Tesoro Corp. agreed to buy BP Plc’s California oil refinery and 800 gasoline stations in the Southwest for $1.18 billion, paying a below-average price for the facility as fuel costs soar in the region.
Tesoro, the largest independent refiner on the U.S. West Coast, will pay about $1.3 billion more for crude and other inventories at the Carson plant, according to a statement today from the San Antonio-based company. With the purchase, Tesoro will control 23 percent of California’s refining capacity, according to data compiled by Bloomberg.
Tesoro understands “the complexities and challenges of operating in California,” Chief Executive Officer Greg Goff said in the statement. “We are well positioned to generate significant operational efficiencies, increase our ability to satisfy market demand and reduce stationary source air emissions.”
The purchase will be Tesoro’s third plant in California, a market with emissions regulations that are more complex than those in other states. The Carson plant is next to Tesoro’s Wilmington refinery and the company projects it can save $250 million a year by combining the plants’ operations.
Tesoro rose 9.5 percent to $38.87 at the close in New York, its highest price since February 2008.
“The deal is cheap for Tesoro,” Fadel Gheit, a New York-based analyst at Oppenheimer & Co., wrote in an e-mail today. Gheit has an outperform rating on the company, the equivalent of a buy.
Excluding fuel, Tesoro said its cost for the refinery will be about $175 million after it sells associated pipelines and storage facilities to a master-limited partnership it controls. At that price, Tesoro would be paying about 15 percent of the refinery’s replacement value, compared to an industry average of 25 to 30 percent, John Auers, a vice president at Dallas-based petroleum consultant Turner, Mason & Co., said in a telephone interview today.
Tesoro said it’s paying half of what Holly Corp. paid for a Tulsa refinery in 2009, on a per-barrel basis adjusted to reflect the plant’s ability to convert crude to high-value products like gasoline. Auers said the geographic differences between the plants may have driven up the price of mid-continent refineries.
The long-term outlook for California refineries has been dim because of environmental regulations and dropping demand for gasoline, Auers said.
Last week, a fire at Chevron Corp.’s Richmond refinery curbed output from Northern California’s largest plant, boosting the region’s fuel prices. Tesoro sold unbranded, California-blend gasoline in the San Francisco area for $3.40 a gallon on Aug. 10, up 13 percent from its price before the fire, according to data compiled by Bloomberg.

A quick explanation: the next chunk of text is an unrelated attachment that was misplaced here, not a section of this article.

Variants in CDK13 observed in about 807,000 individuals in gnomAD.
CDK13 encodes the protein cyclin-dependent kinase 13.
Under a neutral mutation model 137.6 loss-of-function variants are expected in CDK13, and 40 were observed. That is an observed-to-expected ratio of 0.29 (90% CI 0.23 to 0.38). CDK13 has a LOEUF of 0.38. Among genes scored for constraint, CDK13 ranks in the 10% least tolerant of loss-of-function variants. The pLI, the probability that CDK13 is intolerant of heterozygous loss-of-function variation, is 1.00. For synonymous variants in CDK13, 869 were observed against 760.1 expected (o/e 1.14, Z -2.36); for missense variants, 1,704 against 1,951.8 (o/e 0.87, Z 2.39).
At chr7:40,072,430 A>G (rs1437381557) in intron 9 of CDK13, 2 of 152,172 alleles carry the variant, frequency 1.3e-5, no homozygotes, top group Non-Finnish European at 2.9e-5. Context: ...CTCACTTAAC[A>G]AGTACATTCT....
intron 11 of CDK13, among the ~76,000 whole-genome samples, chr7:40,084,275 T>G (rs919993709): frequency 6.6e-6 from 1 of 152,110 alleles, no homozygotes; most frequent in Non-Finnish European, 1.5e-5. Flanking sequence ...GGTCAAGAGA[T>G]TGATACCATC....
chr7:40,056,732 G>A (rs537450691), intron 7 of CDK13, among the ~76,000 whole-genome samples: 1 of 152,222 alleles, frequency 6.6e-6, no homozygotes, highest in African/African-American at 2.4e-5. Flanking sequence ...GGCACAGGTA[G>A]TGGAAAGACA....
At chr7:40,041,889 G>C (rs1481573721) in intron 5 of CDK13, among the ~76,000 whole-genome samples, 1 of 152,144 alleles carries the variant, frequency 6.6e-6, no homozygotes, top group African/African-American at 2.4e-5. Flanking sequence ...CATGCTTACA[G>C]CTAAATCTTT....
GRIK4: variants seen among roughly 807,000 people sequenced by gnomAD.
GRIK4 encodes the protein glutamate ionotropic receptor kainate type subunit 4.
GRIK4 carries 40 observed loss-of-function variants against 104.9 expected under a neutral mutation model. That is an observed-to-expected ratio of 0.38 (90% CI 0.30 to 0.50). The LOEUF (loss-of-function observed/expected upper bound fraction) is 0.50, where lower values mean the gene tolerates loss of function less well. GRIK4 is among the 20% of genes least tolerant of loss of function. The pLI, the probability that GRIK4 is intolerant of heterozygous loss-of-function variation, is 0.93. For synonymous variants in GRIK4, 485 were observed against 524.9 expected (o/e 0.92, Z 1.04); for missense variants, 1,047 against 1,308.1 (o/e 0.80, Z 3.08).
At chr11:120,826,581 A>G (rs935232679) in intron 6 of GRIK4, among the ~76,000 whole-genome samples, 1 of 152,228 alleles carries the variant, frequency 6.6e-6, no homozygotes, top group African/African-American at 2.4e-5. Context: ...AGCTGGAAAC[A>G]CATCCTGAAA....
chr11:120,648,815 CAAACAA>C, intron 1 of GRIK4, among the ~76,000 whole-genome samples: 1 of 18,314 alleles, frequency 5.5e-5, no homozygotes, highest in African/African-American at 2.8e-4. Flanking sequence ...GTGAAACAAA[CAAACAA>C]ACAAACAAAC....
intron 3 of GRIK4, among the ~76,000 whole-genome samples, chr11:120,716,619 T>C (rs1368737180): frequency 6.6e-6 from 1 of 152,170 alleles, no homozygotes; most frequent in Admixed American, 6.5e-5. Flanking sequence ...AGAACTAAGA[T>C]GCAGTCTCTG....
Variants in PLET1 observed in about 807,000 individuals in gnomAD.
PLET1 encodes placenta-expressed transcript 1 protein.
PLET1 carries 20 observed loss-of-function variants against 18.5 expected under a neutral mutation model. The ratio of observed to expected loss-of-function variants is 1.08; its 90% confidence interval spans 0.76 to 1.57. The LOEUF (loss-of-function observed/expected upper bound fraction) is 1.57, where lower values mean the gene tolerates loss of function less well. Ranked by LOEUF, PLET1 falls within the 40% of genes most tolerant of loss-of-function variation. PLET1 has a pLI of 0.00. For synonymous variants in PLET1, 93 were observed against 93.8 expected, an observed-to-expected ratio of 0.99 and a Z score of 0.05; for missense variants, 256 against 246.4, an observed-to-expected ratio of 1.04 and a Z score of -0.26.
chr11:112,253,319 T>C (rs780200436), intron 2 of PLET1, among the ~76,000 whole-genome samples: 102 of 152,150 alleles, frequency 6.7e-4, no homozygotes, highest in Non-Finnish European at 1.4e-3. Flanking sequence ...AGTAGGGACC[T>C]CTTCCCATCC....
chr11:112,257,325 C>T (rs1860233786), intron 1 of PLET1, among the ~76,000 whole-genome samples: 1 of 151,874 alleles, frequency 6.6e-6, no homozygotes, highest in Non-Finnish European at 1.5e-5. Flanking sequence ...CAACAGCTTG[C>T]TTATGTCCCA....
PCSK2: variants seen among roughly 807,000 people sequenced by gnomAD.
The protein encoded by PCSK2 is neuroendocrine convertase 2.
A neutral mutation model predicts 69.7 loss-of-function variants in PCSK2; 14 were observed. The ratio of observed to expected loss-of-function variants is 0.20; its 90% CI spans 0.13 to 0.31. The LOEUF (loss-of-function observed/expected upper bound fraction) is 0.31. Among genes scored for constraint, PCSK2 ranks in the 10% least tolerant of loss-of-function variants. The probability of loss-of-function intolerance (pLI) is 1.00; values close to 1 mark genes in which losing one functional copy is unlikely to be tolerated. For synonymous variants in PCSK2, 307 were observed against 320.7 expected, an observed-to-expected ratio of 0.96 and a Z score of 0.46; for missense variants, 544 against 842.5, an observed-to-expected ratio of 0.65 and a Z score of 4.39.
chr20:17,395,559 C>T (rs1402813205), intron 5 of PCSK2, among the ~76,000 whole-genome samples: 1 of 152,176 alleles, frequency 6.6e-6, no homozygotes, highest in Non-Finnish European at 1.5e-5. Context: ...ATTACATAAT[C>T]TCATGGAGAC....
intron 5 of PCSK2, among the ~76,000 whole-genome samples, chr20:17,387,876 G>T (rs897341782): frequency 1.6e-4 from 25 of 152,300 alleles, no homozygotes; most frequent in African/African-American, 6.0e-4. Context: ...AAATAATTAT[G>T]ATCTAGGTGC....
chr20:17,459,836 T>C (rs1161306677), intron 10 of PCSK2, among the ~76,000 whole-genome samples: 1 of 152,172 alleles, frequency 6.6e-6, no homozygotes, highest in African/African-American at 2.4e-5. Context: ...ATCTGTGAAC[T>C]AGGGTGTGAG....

The fire could double Tesoro’s cash flow for as long as a year, Paul Sankey, an analyst at Deutsche Bank in New York, said in an Aug. 7 note.
Tesoro’s Golden Eagle plant in Martinez, California, has a capacity of 170,000 barrels a day and the Wilmington refinery has a capacity of 97,000 barrels a day, according to data compiled by Bloomberg. The company will have 533,000 barrels a day after buying the Carson refinery.
The purchase may improve Tesoro’s access to lower-cost crude and feedstocks for its refineries. BP has the only dock on the West Coast that can accommodate very large crude carriers, which will allow Tesoro to bring a wider variety of crude in, Goff said on a conference call with analysts today. The Carson facility currently processes oil from Alaska’s north slope and fields outside the U.S.
“We believe there are a lot of opportunities out there to improve the cost of crude to the refinery,” Goff said.
Tesoro will save money by shipping its gasoline and diesel on BP’s pipeline network and may sell capacity on the system to third parties, he said.
The acquisition is the first since Goff joined Tesoro from ConocoPhillips in 2010. The purchase is expected to close by the middle of next year, the company said. Tesoro will sell the storage and pipeline assets to Tesoro Logistics LP after the deal closes. Tesoro is buying Arco-branded gasoline stations in California, Arizona and Nevada from BP.
BP, based in London, previously announced its intent to sell the California refinery as well as a plant in Texas City, Texas as part of a plan to shed $38 billion of assets by the end of next year. The transaction announced today brings the total amount of BP asset sales to $26.5 billion since the start of 2010.
“This is a decent price, though a bit less than we thought they might get,” said Jason Gammel, an analyst at Macquarie Capital Europe Ltd. in London. “This a minor positive for BP. It provides some liquidity that they can reinvest. It’s been a long time in the making, so it’s good to see them get it done.”